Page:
Les Patineurs/Winter Dreams/The Concert: Royal Ballet

Happy New Year everyone! My first theatre trip of 2019 was to – where else? – the newly revamped Royal Opera House. I hadn’t visited since their Open Up project was completed, so I was very excited to check out their new look spaces.

I didn’t go through the whole building, but noted the following:

The space beneath the Paul Hamlyn Hall has been transformed into a sleek café/bar area, minimalist and wooden (apart from the giant cherry suspended in the window); the balcony overlooking Covent Garden has been glazed and heated to provide more all-weather seating; the shop has some gorgeous new stock (including heavenly black and white prints of the dancers and cut offs from the costume department) and best of all, there are costumes, sketches and photos on display everywhere. It’s a clever marriage of the recognisable old and the shiny new, and I hope it does the job for the ROH and pulls in more day visitors.

Aside from gawking at the building’s makeover, I was there to see a mixed programme of works: Jerome Robbins’ comedy The Concert (which was one of the first things I reviewed on this blog, way back in 2014!), Ashton’s Les Patineurs and Winter Dreams by Kenneth MacMillan.

Les Patineurs is a charming Victorian Christmas card of a ballet, where dancers decked in bonnets and furs spin, slide and skim across an ice rink under snow-dusted trees. There’s glowing lanterns. There’s jingling bells (and a jolly score by Meyerbeer). There’s even falling snow. If The Nutcracker didn’t exist (heaven forbid), this would be an excellent alternative for a festive ballet fix.

Dancers glide on and off stage, overlapping solos and group dances to create a natural impression of skaters out to have fun on a winter’s afternoon. Yuhui Choe and Anna Rose O’Sullivan are particularly perky as the girls in navy, while Marcelino Sambé puts on a bravura show as the Blue Boy – his final turns as the curtain closes are dizzyingly fast.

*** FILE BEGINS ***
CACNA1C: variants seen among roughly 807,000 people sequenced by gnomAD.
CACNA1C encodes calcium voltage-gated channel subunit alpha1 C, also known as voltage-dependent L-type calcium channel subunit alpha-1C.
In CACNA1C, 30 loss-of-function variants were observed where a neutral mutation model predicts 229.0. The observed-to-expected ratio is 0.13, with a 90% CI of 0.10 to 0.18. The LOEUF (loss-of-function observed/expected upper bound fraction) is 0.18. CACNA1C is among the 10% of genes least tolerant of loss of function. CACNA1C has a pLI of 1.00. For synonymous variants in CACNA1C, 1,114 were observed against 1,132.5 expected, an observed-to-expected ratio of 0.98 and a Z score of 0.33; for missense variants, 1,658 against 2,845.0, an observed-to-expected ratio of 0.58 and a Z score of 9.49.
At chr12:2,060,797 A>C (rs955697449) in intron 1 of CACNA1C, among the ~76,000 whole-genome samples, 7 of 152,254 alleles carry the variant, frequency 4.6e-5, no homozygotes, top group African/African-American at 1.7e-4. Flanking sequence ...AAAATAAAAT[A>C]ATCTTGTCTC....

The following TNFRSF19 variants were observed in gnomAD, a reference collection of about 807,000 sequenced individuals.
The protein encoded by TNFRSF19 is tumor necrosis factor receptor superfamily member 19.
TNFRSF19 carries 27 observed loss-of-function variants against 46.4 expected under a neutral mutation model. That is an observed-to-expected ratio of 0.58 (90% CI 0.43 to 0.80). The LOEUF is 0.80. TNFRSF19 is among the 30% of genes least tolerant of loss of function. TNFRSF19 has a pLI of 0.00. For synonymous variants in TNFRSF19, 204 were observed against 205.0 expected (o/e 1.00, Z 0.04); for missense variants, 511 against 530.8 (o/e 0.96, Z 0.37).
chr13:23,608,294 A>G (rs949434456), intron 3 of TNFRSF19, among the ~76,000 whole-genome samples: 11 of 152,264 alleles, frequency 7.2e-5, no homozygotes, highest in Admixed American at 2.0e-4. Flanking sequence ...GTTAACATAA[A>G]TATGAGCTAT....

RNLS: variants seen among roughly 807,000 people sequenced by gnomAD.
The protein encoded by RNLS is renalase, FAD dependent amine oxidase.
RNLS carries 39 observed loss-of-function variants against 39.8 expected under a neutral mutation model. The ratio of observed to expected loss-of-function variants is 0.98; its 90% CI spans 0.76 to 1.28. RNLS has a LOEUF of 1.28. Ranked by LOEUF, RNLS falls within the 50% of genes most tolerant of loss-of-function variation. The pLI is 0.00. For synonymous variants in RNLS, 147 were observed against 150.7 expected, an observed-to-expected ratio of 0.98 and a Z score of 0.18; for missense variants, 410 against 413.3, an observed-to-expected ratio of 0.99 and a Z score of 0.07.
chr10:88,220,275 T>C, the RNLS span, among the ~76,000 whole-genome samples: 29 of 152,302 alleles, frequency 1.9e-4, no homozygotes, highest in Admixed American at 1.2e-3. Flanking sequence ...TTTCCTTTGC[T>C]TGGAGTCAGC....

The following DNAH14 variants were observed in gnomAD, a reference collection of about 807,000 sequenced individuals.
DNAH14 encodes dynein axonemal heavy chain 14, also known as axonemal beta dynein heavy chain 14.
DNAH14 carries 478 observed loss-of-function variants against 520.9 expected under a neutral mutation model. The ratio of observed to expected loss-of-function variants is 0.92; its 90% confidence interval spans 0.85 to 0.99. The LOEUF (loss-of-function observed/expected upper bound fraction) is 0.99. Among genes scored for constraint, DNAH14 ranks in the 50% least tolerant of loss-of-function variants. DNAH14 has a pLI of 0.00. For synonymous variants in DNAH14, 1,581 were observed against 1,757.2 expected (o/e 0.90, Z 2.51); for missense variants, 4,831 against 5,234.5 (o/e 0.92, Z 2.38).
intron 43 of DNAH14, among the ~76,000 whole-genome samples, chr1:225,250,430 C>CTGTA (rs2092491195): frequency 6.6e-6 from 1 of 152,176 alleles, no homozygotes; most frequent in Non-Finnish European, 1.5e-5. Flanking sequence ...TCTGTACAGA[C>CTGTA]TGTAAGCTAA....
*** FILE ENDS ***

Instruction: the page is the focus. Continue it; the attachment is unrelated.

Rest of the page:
It’s quite a jump from the whimsical, picturesque Ashton to MacMillan’s work, which is the only one in the programme I hadn’t seen previously. Packing the plot of Chekhov’s Three Sisters into one 55 minute ballet is a tall order, and I have to admit to being a bit confused about who was in love with who for a lot of it.

Episodic interactions between characters – the titular sisters and their family, husbands and lovers – take place in front of a thin curtain, behind which guests are gathered around the table for dinner. The candlelit glow of this scene contrasts starkly with the dark, bare stage on which the relationships play out. Yasmine Naghdi is lovely as Irina, the sister with two lovers; Christopher Saunders gets a chance to flaunt his comedic skills – and his flexibility! – as the drunken army doctor; and Sarah Lamb deserves praise for dancing Masha beautifully at very short notice. It was also nice to see Thiago Soares performing (as Masha’s soldier lover) for the first time in a while.

The score includes traditional Russian music played on balalaika, which adds an authentic flavour to the story, but overall I was a little underwhelmed by the work – perhaps because there wasn’t space to allow the characters to grow and the plot to unravel. I’d definitely like to see it again before I make up my mind though!

 

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